When Fidel Castro died on November 25, the amount of negative press in Canadian media about his contribution and the revolution he led was incredible. Perhaps because of Trump’s election in the United States a few weeks before, the spillover of U.S. journalistic drivel regarding all things Cuba, and the herd mentality of Canadian reporters, it became de rigueur to make unsubstantiated statements, repeatedly.
It was more than a little embarrassing and aggravating if you are a Cuba watcher, as I am. I had not quite anticipated such disrespect, at least not here in Canada.
There were few commentaries that actually gave due credit to the man and to the innovative efforts of his government to restore sovereignty to the island. Worth the read are this one by Canadian Stephen Kimber, another by renowned author and political activist Noam Chomsky published by France’s L’Humanité, and this one published online by Common Dreams under the headline “Fidel Castro in Context.” There are others, but you do have to dig.
Many of Cuba’s efforts show the creativity and nimbleness of a country that has often been forced to react to sudden and abrupt circumstances created by powerful foes and friends alike. Countries like Canada, and others, might want to take note.
One of these huge efforts, and one which many countries in the world are still learning about and from, are Cuba’s tremendous strides in biodynamic and organic farming.
Early pattern of industrial farming
During the 1960s, ’70s, and ’80s, Cuban agriculture was primarily structured in a traditional “bigger is better” model of state farms. Based in monoculture and on the sugar economy, the model made use of chemical fertilizers and pesticides. Other crops were dependent on hybrid seed varieties and chemical inputs — all practices that caused soil depletion and erosion.
At the time of the revolution in 1959, more than 75 per cent of Cuba’s agricultural land was in the hands of foreign corporations like the United Fruit Company. As land was redistributed following the revolution, Cuba followed a largely Soviet model, reorganizing agricultural production onto large state farmers. Small landholder plots remained ignored and undeveloped. Sugar, the basis of the agro-export economy, continued to be a mainstay, though obviously, the trading partners changed because of the U.S. embargo. That pattern continued for more than 30 years, and much like the current pattern in many countries, a generation of would-be farmers moved from rural to urban areas, lured by the lifestyle and jobs of the city, particularly in the face of little opportunity in the countryside.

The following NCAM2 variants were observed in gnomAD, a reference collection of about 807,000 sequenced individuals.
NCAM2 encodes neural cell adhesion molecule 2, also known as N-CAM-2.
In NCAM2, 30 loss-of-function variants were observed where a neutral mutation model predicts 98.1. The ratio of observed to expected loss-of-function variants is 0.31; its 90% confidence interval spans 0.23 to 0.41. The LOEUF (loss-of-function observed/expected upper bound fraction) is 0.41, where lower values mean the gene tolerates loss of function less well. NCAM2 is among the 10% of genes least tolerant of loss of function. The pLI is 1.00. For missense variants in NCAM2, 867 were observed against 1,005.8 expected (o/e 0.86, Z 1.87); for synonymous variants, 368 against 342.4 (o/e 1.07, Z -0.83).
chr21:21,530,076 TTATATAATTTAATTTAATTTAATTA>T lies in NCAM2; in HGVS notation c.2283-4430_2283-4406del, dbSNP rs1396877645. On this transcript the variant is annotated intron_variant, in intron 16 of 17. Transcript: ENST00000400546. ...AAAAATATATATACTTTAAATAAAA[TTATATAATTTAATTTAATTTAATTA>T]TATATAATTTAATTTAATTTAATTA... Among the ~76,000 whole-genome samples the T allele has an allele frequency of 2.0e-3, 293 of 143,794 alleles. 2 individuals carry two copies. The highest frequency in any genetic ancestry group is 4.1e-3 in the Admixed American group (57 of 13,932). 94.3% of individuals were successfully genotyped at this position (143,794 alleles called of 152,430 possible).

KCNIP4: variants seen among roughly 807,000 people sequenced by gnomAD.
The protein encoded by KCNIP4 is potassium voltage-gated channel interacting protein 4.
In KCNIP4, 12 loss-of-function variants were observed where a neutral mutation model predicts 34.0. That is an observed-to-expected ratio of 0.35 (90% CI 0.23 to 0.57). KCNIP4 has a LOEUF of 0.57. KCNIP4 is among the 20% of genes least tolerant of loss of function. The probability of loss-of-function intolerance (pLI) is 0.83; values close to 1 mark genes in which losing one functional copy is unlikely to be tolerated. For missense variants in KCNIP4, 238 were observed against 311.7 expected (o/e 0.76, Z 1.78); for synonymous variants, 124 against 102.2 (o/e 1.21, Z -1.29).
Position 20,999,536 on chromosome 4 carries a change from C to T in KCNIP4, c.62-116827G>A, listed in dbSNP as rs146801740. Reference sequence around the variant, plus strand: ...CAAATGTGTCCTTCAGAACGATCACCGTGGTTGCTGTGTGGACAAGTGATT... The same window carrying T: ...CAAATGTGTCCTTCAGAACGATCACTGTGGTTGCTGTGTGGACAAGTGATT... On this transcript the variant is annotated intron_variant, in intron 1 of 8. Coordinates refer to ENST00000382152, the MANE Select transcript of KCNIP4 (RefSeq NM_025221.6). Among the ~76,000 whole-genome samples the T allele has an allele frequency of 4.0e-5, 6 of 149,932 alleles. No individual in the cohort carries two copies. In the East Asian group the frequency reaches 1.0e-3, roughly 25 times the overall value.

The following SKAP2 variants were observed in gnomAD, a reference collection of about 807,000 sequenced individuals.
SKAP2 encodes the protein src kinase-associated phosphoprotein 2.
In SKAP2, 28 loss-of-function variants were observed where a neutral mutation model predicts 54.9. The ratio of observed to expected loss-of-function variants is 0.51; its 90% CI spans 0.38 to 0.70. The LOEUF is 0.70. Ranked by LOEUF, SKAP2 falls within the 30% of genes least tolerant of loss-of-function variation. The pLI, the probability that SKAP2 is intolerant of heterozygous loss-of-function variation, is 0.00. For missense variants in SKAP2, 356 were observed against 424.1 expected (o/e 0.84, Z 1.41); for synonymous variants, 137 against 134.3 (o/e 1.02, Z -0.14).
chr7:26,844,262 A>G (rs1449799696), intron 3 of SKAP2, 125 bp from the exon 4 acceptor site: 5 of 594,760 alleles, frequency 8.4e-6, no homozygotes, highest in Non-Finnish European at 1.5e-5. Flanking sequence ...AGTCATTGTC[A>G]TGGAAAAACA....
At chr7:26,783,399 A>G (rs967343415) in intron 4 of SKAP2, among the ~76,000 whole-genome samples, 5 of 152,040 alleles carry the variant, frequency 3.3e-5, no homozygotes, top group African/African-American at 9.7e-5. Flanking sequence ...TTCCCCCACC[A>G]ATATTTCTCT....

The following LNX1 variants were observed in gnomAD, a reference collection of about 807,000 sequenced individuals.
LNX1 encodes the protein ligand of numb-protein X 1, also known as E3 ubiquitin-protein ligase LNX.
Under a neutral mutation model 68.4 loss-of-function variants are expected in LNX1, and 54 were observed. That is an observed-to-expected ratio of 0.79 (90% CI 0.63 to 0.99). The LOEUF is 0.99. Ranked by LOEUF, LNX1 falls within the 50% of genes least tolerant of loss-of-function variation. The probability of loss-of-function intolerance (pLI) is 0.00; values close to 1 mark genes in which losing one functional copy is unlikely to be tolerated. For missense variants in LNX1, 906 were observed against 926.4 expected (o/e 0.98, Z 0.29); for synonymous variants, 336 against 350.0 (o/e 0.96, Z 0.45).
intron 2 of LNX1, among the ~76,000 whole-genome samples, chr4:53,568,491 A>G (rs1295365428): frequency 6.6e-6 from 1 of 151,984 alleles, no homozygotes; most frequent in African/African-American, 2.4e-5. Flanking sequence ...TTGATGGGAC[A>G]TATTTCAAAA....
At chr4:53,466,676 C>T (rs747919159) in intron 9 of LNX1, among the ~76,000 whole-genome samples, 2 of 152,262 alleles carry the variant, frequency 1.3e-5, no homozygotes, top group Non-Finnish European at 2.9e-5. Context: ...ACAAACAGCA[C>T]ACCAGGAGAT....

In Cuba, life is often chronicled through rhythmic beats. And in the Cuba of the mid-’80s, life was good and getting better, but even the tunes of Los Van Van let it be known that Havana just couldn’t take in more cousins and distant relatives migrating from all over the countryside. The tune was all in fun — sort of — but a few short years later, the rural migration, loss of small farmers, and a petroleum-based agricultural system hit home. It was tough.
By the late 1980s, 80 per cent of Cuban land was farmed by the state, and close to 60 per cent of the Cuban diet was supplied by food imports. Ninety per cent of chemical inputs were imported as well.